In the first embodiment, the two functions are the same time measuring functions, but the measuring units are quite different. As will be described hereinafter, the second embodiment is a specific example wherein two functional displays, numerals of the different physical dimensions and of the same order are handled, and only the measuring origin for the respective functions (numeral zero point) is placed at the same position and used in common. This will be described with reference to FIG. 12.

In FIG. 12, current values and voltage values can be changeably measured and displayed, and the two modes (functions) of current and voltage are displayed by means of a single hand in a sector-shaped dial. In FIG. 12, 500 is a dial; 501 is a switchover hand; 502 is current numerals; 503 is voltage numerals; 504 is current graduations arranged in conformity with the positions of the current numerals 502; 505 is voltage graduations arranged in conformity with the positions of the voltage numerals 503; and 506 is a graduation common to two functions arranged in conformity with numeral "0" of the current numerals 502 and numeral "0" of the voltage numerals 503. The minimal display resolution of the current numerals 502 is 10 amperes, and that of voltage numerals 503 is 9 volts. In the display range smaller than 90 which is the least common multiple of 10 and 9, the numerals of the same order are used for two functions. As shown in FIG. 12, the dial 500 is sector-shaped and the numerals for the two functions are of the same order. As a result, if the current measuring function is 0 ampere and the voltage measuring function is 0 volt, that is, numerals "0's" exist for both functions, it would be more preferable that the graduation and numeral representing "0" occupy the same position. In FIG. 12, the switchover hand 501 points to "36" among the voltage numerals 503, that is, shows 36V. Of course, the present mode is the voltage measuring mode. As in FIG. 12, even if the graduations and numerals corresponding to the two functions are not equally spaced, the circuit configuration in which the hand stays at each position for a relatively long time can be easily realized by controlling pulse intervals of the driving signals, for example, with an ROM which stores the unequal interval graduation positions. Third Embodiment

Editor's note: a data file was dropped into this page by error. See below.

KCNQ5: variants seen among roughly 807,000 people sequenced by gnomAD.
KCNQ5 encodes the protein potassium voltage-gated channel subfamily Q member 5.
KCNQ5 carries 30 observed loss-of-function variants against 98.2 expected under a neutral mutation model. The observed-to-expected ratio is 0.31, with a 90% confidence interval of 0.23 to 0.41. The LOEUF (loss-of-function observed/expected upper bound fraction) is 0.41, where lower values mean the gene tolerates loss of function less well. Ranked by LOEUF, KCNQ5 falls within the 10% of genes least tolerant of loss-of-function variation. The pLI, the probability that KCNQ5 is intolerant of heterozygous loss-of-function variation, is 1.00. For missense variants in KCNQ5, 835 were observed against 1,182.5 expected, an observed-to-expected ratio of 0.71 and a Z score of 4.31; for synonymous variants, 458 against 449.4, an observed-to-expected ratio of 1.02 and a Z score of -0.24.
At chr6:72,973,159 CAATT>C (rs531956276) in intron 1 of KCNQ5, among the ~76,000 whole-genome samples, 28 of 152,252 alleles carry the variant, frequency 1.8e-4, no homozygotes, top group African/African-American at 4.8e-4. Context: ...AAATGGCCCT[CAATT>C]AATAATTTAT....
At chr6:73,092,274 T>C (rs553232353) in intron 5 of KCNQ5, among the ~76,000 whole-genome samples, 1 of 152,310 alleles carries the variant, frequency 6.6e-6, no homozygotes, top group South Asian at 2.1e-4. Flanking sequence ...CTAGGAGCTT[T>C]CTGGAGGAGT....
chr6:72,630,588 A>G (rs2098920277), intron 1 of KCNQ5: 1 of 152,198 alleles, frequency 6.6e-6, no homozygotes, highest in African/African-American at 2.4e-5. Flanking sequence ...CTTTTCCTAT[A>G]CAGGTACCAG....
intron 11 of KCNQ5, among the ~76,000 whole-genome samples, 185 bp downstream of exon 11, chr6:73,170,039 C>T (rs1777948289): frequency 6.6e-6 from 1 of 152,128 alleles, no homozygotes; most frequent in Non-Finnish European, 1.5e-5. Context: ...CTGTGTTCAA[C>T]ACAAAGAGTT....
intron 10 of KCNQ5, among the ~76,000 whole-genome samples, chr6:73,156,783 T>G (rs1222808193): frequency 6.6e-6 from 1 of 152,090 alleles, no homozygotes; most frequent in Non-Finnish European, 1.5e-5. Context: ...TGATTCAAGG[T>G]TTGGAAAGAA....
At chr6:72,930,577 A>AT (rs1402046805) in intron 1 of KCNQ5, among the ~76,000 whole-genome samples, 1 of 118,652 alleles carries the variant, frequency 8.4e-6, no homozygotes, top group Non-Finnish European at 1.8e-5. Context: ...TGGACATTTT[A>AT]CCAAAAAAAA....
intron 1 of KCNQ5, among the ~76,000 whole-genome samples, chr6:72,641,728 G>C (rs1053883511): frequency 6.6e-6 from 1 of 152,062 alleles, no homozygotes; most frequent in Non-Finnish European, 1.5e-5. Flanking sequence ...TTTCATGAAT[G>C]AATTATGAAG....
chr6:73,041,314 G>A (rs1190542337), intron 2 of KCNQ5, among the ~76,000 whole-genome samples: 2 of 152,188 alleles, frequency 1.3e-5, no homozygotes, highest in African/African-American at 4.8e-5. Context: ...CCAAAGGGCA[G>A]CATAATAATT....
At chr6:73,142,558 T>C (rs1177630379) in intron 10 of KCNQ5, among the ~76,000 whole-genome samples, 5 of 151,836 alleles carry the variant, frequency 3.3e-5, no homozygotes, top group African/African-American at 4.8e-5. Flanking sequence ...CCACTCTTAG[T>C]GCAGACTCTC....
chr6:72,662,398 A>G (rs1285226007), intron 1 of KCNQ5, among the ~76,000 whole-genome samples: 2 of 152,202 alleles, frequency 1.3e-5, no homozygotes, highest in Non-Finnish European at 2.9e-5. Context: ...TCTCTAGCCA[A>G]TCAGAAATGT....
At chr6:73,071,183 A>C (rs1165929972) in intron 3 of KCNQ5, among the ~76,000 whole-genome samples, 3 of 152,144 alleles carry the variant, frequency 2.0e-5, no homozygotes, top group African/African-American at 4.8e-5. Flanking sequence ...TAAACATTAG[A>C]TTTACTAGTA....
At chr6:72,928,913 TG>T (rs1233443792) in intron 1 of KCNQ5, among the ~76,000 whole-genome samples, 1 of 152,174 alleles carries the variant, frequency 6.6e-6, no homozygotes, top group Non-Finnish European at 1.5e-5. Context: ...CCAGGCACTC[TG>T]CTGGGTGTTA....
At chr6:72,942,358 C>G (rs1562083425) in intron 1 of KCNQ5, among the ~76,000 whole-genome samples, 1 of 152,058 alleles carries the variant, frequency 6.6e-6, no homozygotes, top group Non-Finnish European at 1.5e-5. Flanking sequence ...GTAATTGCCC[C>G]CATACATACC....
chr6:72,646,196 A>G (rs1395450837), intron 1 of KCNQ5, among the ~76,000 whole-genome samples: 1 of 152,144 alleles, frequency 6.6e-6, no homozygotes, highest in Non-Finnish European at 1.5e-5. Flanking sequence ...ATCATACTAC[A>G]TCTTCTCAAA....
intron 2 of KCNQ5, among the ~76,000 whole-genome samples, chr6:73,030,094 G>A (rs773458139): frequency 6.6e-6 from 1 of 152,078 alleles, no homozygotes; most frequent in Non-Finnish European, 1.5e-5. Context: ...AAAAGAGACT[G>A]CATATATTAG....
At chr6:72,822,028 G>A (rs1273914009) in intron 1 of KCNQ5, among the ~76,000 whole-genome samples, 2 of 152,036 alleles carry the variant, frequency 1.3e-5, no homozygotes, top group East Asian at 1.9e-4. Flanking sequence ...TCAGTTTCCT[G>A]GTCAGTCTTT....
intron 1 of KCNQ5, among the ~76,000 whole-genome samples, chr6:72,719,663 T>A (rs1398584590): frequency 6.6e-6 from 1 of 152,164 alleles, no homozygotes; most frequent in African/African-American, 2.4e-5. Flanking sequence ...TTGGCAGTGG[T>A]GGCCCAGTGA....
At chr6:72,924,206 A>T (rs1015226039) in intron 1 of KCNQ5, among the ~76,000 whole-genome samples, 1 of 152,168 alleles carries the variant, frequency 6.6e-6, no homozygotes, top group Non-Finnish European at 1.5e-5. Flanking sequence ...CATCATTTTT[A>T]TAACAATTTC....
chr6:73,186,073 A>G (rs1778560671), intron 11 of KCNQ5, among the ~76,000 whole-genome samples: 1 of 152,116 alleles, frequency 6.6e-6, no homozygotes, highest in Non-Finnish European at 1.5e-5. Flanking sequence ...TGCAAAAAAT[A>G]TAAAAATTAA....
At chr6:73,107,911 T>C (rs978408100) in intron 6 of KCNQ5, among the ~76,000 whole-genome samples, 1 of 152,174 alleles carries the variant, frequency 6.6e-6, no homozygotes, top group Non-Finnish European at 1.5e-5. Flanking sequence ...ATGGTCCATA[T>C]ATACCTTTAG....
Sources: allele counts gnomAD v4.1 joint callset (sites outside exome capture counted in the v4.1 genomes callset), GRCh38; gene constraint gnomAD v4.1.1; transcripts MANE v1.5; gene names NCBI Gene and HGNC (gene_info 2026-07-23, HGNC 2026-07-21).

In the above two embodiments, the graduation or numeral which represents the zero point, i.e. the reference, occupies the same position. Next, a further embodiment is shown in FIGS. 13 and 14 in which the graduations or numerals for the first function and the graduations or numerals for the second function are arranged not to occupy the same positions. FIGS. 13 and 14 will be explained below.

FIG. 13 is a front view of the external appearance of an electronic hand watch provided with a world time function according to the present invention, wherein 200 is an electronic watch, and 201 is its dial, on which a world map viewed from the North Pole is printed.

At the side of the electronic watch 200, a crown 213, a time zone selection button 211 and normal-summer switchover button 212 are provided. By pulling out the crown (stem) 213 to the second position, a switch 303 (discussed later) is operated; by pulling out the crown (stem) 213 to the first position, a switch 304 (discussed later) is operated; by depressing the time zone selection button 211, a switch 305 (discussed later) is operated; and by depressing the normal-summer switchover button 212, a switch 306 (discussed later) is operated.